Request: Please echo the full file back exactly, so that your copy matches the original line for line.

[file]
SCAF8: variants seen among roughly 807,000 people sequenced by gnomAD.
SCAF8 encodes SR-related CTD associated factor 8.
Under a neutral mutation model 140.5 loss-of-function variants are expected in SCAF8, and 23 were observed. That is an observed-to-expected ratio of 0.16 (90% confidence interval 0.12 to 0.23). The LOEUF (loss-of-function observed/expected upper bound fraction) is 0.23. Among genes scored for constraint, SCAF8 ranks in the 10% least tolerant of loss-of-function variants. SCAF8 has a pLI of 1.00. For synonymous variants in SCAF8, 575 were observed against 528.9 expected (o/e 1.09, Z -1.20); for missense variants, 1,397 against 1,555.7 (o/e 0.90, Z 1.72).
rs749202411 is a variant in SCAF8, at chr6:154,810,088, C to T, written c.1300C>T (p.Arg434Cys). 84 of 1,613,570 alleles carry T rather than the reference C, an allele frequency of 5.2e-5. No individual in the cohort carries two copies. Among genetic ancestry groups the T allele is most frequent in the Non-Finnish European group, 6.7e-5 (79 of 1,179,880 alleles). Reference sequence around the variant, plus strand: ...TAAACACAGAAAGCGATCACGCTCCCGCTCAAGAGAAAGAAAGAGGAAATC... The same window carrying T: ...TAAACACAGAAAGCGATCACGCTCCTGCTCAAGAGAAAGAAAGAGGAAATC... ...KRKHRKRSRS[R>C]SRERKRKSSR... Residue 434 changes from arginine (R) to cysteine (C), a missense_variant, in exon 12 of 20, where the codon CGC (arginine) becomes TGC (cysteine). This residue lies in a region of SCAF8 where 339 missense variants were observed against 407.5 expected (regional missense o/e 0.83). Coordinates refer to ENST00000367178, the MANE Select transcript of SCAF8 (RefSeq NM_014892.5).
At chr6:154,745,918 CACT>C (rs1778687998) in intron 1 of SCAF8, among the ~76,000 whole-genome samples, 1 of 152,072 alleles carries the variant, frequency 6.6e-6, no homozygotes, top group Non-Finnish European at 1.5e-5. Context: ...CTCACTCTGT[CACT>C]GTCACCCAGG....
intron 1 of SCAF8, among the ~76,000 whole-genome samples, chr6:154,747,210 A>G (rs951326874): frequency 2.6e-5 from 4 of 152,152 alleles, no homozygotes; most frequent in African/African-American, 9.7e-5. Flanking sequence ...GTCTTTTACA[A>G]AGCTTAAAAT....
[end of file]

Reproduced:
SCAF8: variants seen among roughly 807,000 people sequenced by gnomAD.
SCAF8 encodes SR-related CTD associated factor 8.
Under a neutral mutation model 140.5 loss-of-function variants are expected in SCAF8, and 23 were observed. That is an observed-to-expected ratio of 0.16 (90% confidence interval 0.12 to 0.23). The LOEUF (loss-of-function observed/expected upper bound fraction) is 0.23. Among genes scored for constraint, SCAF8 ranks in the 10% least tolerant of loss-of-function variants. SCAF8 has a pLI of 1.00. For synonymous variants in SCAF8, 575 were observed against 528.9 expected (o/e 1.09, Z -1.20); for missense variants, 1,397 against 1,555.7 (o/e 0.90, Z 1.72).
rs749202411 is a variant in SCAF8, at chr6:154,810,088, C to T, written c.1300C>T (p.Arg434Cys). 84 of 1,613,570 alleles carry T rather than the reference C, an allele frequency of 5.2e-5. No individual in the cohort carries two copies. Among genetic ancestry groups the T allele is most frequent in the Non-Finnish European group, 6.7e-5 (79 of 1,179,880 alleles). Reference sequence around the variant, plus strand: ...TAAACACAGAAAGCGATCACGCTCCCGCTCAAGAGAAAGAAAGAGGAAATC... The same window carrying T: ...TAAACACAGAAAGCGATCACGCTCCTGCTCAAGAGAAAGAAAGAGGAAATC... ...KRKHRKRSRS[R>C]SRERKRKSSR... Residue 434 changes from arginine (R) to cysteine (C), a missense_variant, in exon 12 of 20, where the codon CGC (arginine) becomes TGC (cysteine). This residue lies in a region of SCAF8 where 339 missense variants were observed against 407.5 expected (regional missense o/e 0.83). Coordinates refer to ENST00000367178, the MANE Select transcript of SCAF8 (RefSeq NM_014892.5).
At chr6:154,745,918 CACT>C (rs1778687998) in intron 1 of SCAF8, among the ~76,000 whole-genome samples, 1 of 152,072 alleles carries the variant, frequency 6.6e-6, no homozygotes, top group Non-Finnish European at 1.5e-5. Context: ...CTCACTCTGT[CACT>C]GTCACCCAGG....
intron 1 of SCAF8, among the ~76,000 whole-genome samples, chr6:154,747,210 A>G (rs951326874): frequency 2.6e-5 from 4 of 152,152 alleles, no homozygotes; most frequent in African/African-American, 9.7e-5. Flanking sequence ...GTCTTTTACA[A>G]AGCTTAAAAT....